First in a three-part series
LORMAN — In the early 1800s, a South Carolina landowner named Capt. Isaac Ross packed up his family, slaves and possessions and moved to southwest Mississippi. He established a plantation east of Lorman called Prospect Hill.
His slaves built a mansion, which later burned, then built another, which still stands, albeit in disrepair.
“I’ve been knowing about it all my life because my dad used to talk about Prospect Hill,” said James Belton, 78, of Magnolia.
Belton is a descendant of the slaves who built Prospect Hill — and possibly the owners.
The Beltons and Rosses came over from Queens County, Ireland, in the 1700s and eventually made their way to Kershaw County, S.C.
Belton had a DNA analysis done and learned he’s 28 percent European, though “I can’t say for certain” if he’s a descendant of Isaac Ross.
Belton’s great-great-grandmother Mariah Belton was a slave at Prospect Hill who lived to be 112.
“She told my daddy how the trip was, coming down from South Carolina to here,” Belton said while standing on the remote, deep-woods grounds around the massive, dilapidated plantation house. “They had about 100 wagons, animals — chickens, horses, cattle. So many mulattoes.”
Mulattoes, or mixed-bloods, meant white owners were having children with black slaves, which Belton suspects caused problems for Ross in South Carolina, prompting him to leave. Also, the Rosses and Beltons were Quakers, a religious group that experienced persecution.
“My dad was about 9 years old when Grandma Mariah died,” Belton said. “She would tell him a lot of things about Isaac Ross and Prospect Hill. My daddy would pass it on to me, and I am passing it on to you.”
n n n
Belton was born and raised in Magnolia. He taught math and science at McComb High School for 27 years and simultaneously worked as a ranger at Percy Quin State Park for 19. When he retired from teaching he went to work for the Mississippi Regional Housing Authority, and the job took him to Jefferson County.
He asked around until he found out where Prospect Hill was located — way back in the woods off Phillip Road north of Red Lick. The back side of beyond.
“The first time I came down here it was so exciting, I had goosebumps,” Belton recalled. “I said, ‘This is where my ancestors, my great-great-grandmother, walked around here.’”
A cemetery beside the house features elaborate stone monuments for Rosses and Beltons, centered around a towering edifice for Isaac Ross.
“Isaac Ross was beyond his time,” Belton said. “He had slaves teaching others to read and write. That was unheard-of. Slaves were musicians and had a band that would play for visitors. He was very good to his servants.
“They had about a 50-acre garden. He would come in from time to time to help in the garden.”
Ross served on the board of directors for Oakland College, which is now Alcorn State University.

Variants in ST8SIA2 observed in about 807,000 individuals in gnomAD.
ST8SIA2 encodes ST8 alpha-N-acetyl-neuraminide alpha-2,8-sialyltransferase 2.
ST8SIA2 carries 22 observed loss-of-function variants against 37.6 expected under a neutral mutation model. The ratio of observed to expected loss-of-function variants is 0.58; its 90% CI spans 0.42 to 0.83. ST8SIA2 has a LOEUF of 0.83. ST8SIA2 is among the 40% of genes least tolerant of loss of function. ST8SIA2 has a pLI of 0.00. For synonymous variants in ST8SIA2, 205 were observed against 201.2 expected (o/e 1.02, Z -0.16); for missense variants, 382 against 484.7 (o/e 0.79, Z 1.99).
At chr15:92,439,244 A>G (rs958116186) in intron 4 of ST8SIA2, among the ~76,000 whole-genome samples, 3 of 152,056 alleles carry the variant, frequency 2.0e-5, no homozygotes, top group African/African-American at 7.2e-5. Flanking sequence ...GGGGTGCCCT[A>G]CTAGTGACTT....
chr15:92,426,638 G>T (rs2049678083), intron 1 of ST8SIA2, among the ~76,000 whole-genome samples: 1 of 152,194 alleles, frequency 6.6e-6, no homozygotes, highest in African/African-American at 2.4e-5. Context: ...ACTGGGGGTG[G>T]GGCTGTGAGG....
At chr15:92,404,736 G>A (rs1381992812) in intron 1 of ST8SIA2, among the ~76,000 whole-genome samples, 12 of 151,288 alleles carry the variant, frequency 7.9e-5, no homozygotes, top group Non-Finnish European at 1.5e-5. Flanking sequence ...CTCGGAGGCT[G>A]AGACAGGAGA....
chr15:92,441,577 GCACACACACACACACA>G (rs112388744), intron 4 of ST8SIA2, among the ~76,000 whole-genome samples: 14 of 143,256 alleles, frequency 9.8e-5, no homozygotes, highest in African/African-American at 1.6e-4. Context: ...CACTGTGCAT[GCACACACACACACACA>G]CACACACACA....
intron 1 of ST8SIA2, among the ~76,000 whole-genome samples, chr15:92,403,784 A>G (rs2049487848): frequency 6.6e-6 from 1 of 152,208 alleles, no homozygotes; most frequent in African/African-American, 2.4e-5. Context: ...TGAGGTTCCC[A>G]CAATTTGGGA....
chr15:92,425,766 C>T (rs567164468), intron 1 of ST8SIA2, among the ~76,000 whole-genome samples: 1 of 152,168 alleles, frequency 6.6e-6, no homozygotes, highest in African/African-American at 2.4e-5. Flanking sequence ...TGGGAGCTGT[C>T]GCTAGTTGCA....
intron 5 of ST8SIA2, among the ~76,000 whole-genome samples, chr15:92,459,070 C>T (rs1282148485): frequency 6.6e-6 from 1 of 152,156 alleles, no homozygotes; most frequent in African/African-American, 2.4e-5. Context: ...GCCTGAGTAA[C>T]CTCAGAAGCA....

“A lot of people, blacks, are bitter about slavery, but I never had any ill feelings because of the things I have been told about Isaac Ross,” Belton said.
According to a 1947 article in the Journal of Mississippi History, “His slaves were trained to do all kinds of skilled plantation work as he had well constructed barns, negro houses, out buildings of every kind needed on a well equipped plantation, and machinery. His wagons, save the iron that went into them, were made by the skilled slave labor. ...
“His slaves were taught to be self reliant in many ways as he would give each family a certain number of corn fed hogs for their year’s supply and each one had smoke-houses and cared for their own meat. His large herd of fine cattle was used for the most part in supplying his slaves with fresh beef during the summer and fall as it was his custom to have two fine beeves slaughtered each week for their benefit.”
When Ross died in 1836, his will allowed his slaves to move to Africa, where they could live in freedom.
According to the Journal of Mississippi History article, “Captain Isaac Ross provided in his will that his slaves should be sent to Liberia, if they elected to go, through the American Colonoization Society, and his entire fortune was to care for them, except about $10,000, given to his granddaughter, Mrs. Adelade Richardson. The inventory made under the order of the Court gave 160 slaves, 5,000 acres of well improved land and personal property valued at around $100,000.”
Ross’s grandson, Ross Wade, contested the will and blocked it for several years. That prompted some of the slaves to burn the plantation house down in 1845, killing a child in the process. The book “Burning Prospects: A Novel Based on a True Story” by Melissa Miles — a descendant of the Ross and Wade families — tells the tragic story in detail.
The suspected arsonists were executed, but a judge upheld the will. The house was rebuilt in 1854, and a number of slaves sailed to Africa, where some of their descendants live today.
n n n
Next: What became of the freed slaves and their descendants?